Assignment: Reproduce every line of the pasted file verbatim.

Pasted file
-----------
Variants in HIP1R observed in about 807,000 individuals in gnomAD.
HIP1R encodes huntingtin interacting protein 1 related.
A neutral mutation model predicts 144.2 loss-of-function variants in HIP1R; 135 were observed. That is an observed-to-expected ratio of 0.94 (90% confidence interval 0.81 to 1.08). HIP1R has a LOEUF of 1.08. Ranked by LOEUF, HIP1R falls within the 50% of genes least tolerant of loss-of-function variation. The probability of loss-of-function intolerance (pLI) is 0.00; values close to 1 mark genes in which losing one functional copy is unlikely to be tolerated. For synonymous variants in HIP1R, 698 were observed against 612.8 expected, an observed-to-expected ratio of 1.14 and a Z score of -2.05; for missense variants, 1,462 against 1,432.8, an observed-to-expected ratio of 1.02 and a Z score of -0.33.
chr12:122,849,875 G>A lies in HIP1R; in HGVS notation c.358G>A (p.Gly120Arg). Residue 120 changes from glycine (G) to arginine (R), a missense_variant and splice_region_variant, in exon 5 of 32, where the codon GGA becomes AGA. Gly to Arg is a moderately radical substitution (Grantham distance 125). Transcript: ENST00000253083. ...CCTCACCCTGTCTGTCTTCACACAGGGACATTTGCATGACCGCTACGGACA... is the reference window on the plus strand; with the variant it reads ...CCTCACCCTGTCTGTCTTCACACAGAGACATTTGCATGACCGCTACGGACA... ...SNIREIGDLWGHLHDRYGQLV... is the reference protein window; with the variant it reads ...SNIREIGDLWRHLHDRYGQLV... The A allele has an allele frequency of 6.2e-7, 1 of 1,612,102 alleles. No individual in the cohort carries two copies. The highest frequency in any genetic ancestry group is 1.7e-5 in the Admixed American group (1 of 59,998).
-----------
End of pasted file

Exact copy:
Variants in HIP1R observed in about 807,000 individuals in gnomAD.
HIP1R encodes huntingtin interacting protein 1 related.
A neutral mutation model predicts 144.2 loss-of-function variants in HIP1R; 135 were observed. That is an observed-to-expected ratio of 0.94 (90% confidence interval 0.81 to 1.08). HIP1R has a LOEUF of 1.08. Ranked by LOEUF, HIP1R falls within the 50% of genes least tolerant of loss-of-function variation. The probability of loss-of-function intolerance (pLI) is 0.00; values close to 1 mark genes in which losing one functional copy is unlikely to be tolerated. For synonymous variants in HIP1R, 698 were observed against 612.8 expected, an observed-to-expected ratio of 1.14 and a Z score of -2.05; for missense variants, 1,462 against 1,432.8, an observed-to-expected ratio of 1.02 and a Z score of -0.33.
chr12:122,849,875 G>A lies in HIP1R; in HGVS notation c.358G>A (p.Gly120Arg). Residue 120 changes from glycine (G) to arginine (R), a missense_variant and splice_region_variant, in exon 5 of 32, where the codon GGA becomes AGA. Gly to Arg is a moderately radical substitution (Grantham distance 125). Transcript: ENST00000253083. ...CCTCACCCTGTCTGTCTTCACACAGGGACATTTGCATGACCGCTACGGACA... is the reference window on the plus strand; with the variant it reads ...CCTCACCCTGTCTGTCTTCACACAGAGACATTTGCATGACCGCTACGGACA... ...SNIREIGDLWGHLHDRYGQLV... is the reference protein window; with the variant it reads ...SNIREIGDLWRHLHDRYGQLV... The A allele has an allele frequency of 6.2e-7, 1 of 1,612,102 alleles. No individual in the cohort carries two copies. The highest frequency in any genetic ancestry group is 1.7e-5 in the Admixed American group (1 of 59,998).